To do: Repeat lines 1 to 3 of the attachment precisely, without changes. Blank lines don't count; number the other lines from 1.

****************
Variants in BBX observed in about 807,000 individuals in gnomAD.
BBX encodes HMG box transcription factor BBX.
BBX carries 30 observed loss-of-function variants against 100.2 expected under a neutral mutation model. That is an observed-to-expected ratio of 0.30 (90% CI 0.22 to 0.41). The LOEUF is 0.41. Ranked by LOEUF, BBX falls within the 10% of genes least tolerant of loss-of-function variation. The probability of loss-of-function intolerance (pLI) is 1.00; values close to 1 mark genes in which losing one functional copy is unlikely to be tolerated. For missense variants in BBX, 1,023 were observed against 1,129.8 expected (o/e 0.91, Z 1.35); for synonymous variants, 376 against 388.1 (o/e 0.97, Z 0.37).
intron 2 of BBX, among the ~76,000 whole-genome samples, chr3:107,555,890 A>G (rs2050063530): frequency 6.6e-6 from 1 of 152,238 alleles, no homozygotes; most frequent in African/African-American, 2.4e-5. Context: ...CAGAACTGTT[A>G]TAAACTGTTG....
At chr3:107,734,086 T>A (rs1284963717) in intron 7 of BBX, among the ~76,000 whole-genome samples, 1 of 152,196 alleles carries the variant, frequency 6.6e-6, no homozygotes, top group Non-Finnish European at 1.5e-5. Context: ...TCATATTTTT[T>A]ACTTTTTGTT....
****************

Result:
Variants in BBX observed in about 807,000 individuals in gnomAD.
BBX encodes HMG box transcription factor BBX.
BBX carries 30 observed loss-of-function variants against 100.2 expected under a neutral mutation model. That is an observed-to-expected ratio of 0.30 (90% CI 0.22 to 0.41). The LOEUF is 0.41. Ranked by LOEUF, BBX falls within the 10% of genes least tolerant of loss-of-function variation. The probability of loss-of-function intolerance (pLI) is 1.00; values close to 1 mark genes in which losing one functional copy is unlikely to be tolerated. For missense variants in BBX, 1,023 were observed against 1,129.8 expected (o/e 0.91, Z 1.35); for synonymous variants, 376 against 388.1 (o/e 0.97, Z 0.37).